That’s our definition of daring these days.

Doctors have difficulty finding love

So, immunization.

Before Finn was born, Andrew and I discussed our respective views on vaccines.


Then we have Responsible Parents, supported by the government and healthcare profession, which makes out that anyone questioning vaccination is an ignorant hippie selfishly benefitting from ‘herd immunity’ whilst simultaneously subverting it.

No doubt the truth lies somewhere on the scale between both extremes.

Previously, if I’d ever fallen off the fence due to a drunken stupor brought about by intimate knowledge of frozen margharita, I would have ended up on the side of YOUR PAEDIATRICIAN IS A KILLER (single exclamation point only).

Mainly because the headline features more dramatic appeal than, say: ‘Vaccines responsible for control of infectious disease’. But also, I have a viral distrust of the medical profession after 10 years’ involuntary exposure to the doctors of Dubai – a position only entrenched by Finn’s and my current doctor’s dynamic complacency (see below).

I am immune to most standard antibiotics – but not Rubella, despite being vaccinated at the age of 12 (the angry mark on my upper left arm still flares up in sunlight). The one time I got the flu vaccine, I spent the following four months hacking, snorting and gargling snot.

But then Finn came along and pushed me off the fence and, much to my surprise, I found myself on the other side.

Mainly because of this:

Finn would not exist without the miracle of modern medicine and science. And the measures we took to have him required unconditional faith in the healthcare professionals involved.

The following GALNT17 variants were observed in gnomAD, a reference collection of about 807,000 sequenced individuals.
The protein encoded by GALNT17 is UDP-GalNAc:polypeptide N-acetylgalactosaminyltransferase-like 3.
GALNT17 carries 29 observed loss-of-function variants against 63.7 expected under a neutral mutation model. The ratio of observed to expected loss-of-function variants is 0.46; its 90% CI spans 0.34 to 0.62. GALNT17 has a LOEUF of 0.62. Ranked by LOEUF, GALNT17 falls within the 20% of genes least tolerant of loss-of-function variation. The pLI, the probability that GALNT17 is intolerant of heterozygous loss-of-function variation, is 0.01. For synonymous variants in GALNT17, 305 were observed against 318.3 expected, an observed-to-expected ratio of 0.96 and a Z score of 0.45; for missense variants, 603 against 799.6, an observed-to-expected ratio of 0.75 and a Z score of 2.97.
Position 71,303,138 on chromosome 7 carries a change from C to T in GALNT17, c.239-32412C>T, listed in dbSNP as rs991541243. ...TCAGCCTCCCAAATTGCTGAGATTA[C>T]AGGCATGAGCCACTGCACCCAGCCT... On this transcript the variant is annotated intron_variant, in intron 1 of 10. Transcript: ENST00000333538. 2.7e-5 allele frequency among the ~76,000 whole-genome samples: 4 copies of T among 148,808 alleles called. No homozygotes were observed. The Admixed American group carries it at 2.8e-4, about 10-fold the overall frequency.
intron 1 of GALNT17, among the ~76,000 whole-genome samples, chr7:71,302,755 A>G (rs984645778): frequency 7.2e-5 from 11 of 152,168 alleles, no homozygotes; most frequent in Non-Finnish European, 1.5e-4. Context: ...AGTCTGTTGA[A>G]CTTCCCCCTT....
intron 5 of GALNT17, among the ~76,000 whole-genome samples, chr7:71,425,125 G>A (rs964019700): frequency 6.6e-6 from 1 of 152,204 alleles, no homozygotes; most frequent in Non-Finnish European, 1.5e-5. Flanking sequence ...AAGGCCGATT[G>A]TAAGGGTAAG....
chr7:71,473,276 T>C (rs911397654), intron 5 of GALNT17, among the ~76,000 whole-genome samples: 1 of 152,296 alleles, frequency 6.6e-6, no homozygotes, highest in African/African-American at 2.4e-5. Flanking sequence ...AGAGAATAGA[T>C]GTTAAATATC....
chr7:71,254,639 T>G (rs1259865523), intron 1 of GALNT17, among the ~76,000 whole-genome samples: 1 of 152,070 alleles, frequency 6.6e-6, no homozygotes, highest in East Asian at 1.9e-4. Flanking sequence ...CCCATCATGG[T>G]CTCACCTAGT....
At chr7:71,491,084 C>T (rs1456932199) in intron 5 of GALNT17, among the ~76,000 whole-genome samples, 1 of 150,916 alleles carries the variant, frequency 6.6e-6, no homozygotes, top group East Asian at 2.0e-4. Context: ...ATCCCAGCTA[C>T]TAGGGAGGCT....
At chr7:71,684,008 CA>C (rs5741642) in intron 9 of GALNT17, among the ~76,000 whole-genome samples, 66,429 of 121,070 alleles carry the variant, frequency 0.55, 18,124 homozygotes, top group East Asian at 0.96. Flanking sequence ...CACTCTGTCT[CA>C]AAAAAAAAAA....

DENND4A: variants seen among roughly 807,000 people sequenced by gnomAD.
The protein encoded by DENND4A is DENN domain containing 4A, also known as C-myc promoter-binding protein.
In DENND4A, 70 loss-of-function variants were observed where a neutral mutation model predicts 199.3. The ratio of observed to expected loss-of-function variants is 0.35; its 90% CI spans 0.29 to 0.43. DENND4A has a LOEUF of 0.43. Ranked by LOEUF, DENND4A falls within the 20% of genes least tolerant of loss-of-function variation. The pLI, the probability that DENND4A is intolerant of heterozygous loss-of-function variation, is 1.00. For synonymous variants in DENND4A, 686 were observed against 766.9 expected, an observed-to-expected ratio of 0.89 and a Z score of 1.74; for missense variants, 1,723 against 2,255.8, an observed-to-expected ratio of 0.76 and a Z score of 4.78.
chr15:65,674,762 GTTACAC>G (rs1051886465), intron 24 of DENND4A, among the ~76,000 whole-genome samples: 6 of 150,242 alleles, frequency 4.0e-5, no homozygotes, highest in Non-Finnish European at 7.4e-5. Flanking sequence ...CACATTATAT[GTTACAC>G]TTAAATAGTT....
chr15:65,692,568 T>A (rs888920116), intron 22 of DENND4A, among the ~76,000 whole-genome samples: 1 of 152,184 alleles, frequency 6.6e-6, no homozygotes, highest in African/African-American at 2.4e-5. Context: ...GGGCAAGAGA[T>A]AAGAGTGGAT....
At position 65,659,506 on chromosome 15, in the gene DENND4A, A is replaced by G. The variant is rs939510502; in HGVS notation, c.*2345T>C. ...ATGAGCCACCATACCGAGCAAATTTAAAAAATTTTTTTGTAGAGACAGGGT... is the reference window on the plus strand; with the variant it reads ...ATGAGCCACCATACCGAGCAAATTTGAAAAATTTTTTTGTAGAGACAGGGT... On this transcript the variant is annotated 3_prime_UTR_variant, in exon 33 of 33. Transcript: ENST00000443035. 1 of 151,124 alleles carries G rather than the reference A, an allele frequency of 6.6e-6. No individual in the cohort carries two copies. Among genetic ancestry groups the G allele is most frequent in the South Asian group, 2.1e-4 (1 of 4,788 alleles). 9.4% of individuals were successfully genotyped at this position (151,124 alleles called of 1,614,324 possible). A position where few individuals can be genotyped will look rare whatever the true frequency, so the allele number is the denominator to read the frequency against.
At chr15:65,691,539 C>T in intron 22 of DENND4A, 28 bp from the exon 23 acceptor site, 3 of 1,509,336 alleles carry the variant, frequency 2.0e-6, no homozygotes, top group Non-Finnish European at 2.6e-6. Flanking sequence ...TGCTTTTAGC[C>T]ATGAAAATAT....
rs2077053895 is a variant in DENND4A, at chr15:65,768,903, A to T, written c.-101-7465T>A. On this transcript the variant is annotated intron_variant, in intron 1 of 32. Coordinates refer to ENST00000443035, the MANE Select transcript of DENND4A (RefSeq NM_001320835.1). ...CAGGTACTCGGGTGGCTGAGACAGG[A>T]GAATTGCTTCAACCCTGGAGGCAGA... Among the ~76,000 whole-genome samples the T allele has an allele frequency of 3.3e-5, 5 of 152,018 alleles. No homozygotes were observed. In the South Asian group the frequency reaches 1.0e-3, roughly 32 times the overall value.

So it seems a bit hypocritical to say, ‘Hey, thanks for making our dreams a reality and changing our lives utterly, although we’re not so gripped by the sleepless nights – eh, look, forget I said that; it’s a small thing, never mind – what’s that? Oh yes, right. Here’s the thing. We don’t trust you to keep him well.’

In any case, if Finn ever contracted measles or polio or whooping cough, we would be straight up in the grille of the medical profession anyway.

But doctors, they make it so difficult to love them.

Shortly after we got home, we took Finn for his five-month vaccine. Three days later he fell ill.

His symptoms were inspecific: fever, lethargy, loss of appetite, pronounced grumpiness (which may simply be his father’s genes gaining ascendency), and unresponsive to the lady on her horse going nim nim nim.

Normally when he wakes up from a nap, he is overjoyed to see me; all, ‘WOW, it’s YOU! HURRAY! This is TOTALLY AWESOME! Aren’t I unbelievably cute? I KNOW! Pick me up pick me up pick me up! HEY, will you do that dancy thing down the stairs? AW, YAY! I JUST NEVER KNEW LIFE WOULD BE THIS MIND-BLOWING!’